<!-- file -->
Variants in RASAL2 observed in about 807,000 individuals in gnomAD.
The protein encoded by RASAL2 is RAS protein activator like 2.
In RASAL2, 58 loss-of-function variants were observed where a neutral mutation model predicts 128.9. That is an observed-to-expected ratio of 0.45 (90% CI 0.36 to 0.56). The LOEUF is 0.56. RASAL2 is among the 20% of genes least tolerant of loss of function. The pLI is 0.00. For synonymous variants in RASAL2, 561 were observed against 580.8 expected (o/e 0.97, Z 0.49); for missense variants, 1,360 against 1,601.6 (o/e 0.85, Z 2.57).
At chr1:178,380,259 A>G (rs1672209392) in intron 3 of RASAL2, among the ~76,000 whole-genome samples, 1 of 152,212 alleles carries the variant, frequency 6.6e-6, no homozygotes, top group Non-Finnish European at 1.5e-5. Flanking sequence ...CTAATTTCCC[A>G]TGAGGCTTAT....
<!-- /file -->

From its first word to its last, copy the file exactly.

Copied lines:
Variants in RASAL2 observed in about 807,000 individuals in gnomAD.
The protein encoded by RASAL2 is RAS protein activator like 2.
In RASAL2, 58 loss-of-function variants were observed where a neutral mutation model predicts 128.9. That is an observed-to-expected ratio of 0.45 (90% CI 0.36 to 0.56). The LOEUF is 0.56. RASAL2 is among the 20% of genes least tolerant of loss of function. The pLI is 0.00. For synonymous variants in RASAL2, 561 were observed against 580.8 expected (o/e 0.97, Z 0.49); for missense variants, 1,360 against 1,601.6 (o/e 0.85, Z 2.57).
At chr1:178,380,259 A>G (rs1672209392) in intron 3 of RASAL2, among the ~76,000 whole-genome samples, 1 of 152,212 alleles carries the variant, frequency 6.6e-6, no homozygotes, top group Non-Finnish European at 1.5e-5. Flanking sequence ...CTAATTTCCC[A>G]TGAGGCTTAT....